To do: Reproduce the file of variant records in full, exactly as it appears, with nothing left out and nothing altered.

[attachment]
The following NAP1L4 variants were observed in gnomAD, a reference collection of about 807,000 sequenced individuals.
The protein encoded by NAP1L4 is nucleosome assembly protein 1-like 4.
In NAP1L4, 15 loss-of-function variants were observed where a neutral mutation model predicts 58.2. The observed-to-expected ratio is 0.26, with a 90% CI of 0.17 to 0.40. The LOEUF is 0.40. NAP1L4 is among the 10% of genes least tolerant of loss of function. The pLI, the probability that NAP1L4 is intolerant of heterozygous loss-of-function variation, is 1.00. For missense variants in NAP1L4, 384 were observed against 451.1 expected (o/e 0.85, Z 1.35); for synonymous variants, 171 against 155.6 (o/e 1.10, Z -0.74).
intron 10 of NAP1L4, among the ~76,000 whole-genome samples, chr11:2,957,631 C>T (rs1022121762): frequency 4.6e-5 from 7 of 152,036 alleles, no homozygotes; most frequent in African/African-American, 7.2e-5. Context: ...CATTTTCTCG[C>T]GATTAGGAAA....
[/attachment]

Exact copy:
The following NAP1L4 variants were observed in gnomAD, a reference collection of about 807,000 sequenced individuals.
The protein encoded by NAP1L4 is nucleosome assembly protein 1-like 4.
In NAP1L4, 15 loss-of-function variants were observed where a neutral mutation model predicts 58.2. The observed-to-expected ratio is 0.26, with a 90% CI of 0.17 to 0.40. The LOEUF is 0.40. NAP1L4 is among the 10% of genes least tolerant of loss of function. The pLI, the probability that NAP1L4 is intolerant of heterozygous loss-of-function variation, is 1.00. For missense variants in NAP1L4, 384 were observed against 451.1 expected (o/e 0.85, Z 1.35); for synonymous variants, 171 against 155.6 (o/e 1.10, Z -0.74).
intron 10 of NAP1L4, among the ~76,000 whole-genome samples, chr11:2,957,631 C>T (rs1022121762): frequency 4.6e-5 from 7 of 152,036 alleles, no homozygotes; most frequent in African/African-American, 7.2e-5. Context: ...CATTTTCTCG[C>T]GATTAGGAAA....